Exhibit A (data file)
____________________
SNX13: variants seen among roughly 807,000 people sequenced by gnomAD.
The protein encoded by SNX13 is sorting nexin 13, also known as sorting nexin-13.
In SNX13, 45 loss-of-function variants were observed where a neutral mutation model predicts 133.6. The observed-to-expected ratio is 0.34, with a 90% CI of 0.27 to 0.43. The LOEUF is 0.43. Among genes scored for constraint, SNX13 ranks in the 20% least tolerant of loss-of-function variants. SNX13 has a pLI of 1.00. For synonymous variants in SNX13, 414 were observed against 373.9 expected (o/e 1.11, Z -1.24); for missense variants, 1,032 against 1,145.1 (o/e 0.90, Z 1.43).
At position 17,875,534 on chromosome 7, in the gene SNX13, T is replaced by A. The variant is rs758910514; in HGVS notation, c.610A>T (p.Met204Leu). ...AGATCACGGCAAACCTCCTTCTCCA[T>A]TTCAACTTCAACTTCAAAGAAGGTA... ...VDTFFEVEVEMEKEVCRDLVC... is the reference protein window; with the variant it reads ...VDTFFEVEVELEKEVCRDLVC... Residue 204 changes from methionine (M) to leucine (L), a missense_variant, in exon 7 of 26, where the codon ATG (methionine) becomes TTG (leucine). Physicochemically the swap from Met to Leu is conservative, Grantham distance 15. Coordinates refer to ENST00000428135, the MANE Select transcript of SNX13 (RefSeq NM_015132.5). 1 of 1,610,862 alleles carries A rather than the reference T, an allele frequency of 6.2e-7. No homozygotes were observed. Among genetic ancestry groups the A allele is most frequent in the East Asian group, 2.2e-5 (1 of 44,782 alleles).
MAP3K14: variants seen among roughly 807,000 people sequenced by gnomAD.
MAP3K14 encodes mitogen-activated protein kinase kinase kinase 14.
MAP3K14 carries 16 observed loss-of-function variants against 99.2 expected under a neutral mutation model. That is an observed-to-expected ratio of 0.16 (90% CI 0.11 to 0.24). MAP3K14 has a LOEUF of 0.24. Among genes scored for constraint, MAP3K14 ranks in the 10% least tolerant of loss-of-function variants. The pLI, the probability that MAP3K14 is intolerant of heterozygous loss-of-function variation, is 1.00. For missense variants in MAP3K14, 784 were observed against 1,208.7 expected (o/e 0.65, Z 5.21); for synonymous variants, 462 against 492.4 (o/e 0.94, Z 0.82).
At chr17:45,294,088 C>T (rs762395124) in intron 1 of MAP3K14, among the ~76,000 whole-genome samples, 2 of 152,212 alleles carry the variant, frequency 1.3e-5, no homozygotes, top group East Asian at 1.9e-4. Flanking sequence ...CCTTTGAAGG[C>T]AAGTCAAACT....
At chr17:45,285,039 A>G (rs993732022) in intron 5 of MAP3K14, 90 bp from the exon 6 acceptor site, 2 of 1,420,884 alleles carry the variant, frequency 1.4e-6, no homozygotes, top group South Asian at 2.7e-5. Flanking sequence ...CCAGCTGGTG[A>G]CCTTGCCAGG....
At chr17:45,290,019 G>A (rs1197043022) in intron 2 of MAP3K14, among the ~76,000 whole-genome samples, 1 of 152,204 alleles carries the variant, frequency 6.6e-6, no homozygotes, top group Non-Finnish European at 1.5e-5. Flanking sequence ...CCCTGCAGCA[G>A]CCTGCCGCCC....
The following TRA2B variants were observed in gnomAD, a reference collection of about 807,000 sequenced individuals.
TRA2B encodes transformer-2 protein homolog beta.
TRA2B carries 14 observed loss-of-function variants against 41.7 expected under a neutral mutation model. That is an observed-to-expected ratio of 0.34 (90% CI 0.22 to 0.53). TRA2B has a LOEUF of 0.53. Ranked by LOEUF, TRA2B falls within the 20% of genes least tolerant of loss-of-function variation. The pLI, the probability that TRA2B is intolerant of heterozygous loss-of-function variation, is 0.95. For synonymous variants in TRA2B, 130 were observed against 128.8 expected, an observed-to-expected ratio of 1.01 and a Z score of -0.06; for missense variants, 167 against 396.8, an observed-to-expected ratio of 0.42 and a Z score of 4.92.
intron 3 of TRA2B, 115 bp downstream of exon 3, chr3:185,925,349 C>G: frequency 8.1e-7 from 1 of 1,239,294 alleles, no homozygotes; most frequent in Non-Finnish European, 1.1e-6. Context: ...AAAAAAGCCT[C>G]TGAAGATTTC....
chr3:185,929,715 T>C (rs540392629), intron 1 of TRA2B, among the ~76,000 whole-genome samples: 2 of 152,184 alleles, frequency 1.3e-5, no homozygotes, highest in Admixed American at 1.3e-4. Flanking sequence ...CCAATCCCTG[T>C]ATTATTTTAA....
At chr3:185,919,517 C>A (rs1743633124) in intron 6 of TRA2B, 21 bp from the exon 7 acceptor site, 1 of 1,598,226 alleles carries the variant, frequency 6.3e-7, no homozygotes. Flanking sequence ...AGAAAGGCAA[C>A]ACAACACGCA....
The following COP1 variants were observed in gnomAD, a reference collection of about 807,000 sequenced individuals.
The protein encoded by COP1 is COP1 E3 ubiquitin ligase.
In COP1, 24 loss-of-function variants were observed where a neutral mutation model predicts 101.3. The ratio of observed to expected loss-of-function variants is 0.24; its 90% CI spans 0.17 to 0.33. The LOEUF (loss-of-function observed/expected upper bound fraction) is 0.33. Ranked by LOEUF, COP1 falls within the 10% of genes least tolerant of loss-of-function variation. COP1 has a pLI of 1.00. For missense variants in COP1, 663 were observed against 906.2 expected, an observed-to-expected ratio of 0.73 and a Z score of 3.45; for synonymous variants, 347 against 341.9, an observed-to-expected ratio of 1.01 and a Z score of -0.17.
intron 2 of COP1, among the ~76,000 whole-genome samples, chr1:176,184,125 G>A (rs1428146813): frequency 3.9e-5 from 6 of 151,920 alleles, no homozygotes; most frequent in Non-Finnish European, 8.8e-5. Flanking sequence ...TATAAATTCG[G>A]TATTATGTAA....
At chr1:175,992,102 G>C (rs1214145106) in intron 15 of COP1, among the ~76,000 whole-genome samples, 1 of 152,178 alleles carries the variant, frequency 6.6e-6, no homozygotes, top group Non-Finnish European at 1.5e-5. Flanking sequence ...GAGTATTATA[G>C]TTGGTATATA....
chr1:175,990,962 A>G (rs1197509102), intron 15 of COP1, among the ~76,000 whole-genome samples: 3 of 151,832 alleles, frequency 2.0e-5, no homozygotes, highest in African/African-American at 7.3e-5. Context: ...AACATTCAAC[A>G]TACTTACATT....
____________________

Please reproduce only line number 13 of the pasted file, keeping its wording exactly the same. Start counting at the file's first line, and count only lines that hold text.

TRA2B carries 14 observed loss-of-function variants against 41.7 expected under a neutral mutation model. That is an observed-to-expected ratio of 0.34 (90% CI 0.22 to 0.53). TRA2B has a LOEUF of 0.53. Ranked by LOEUF, TRA2B falls within the 20% of genes least tolerant of loss-of-function variation. The pLI, the probability that TRA2B is intolerant of heterozygous loss-of-function variation, is 0.95. For synonymous variants in TRA2B, 130 were observed against 128.8 expected, an observed-to-expected ratio of 1.01 and a Z score of -0.06; for missense variants, 167 against 396.8, an observed-to-expected ratio of 0.42 and a Z score of 4.92.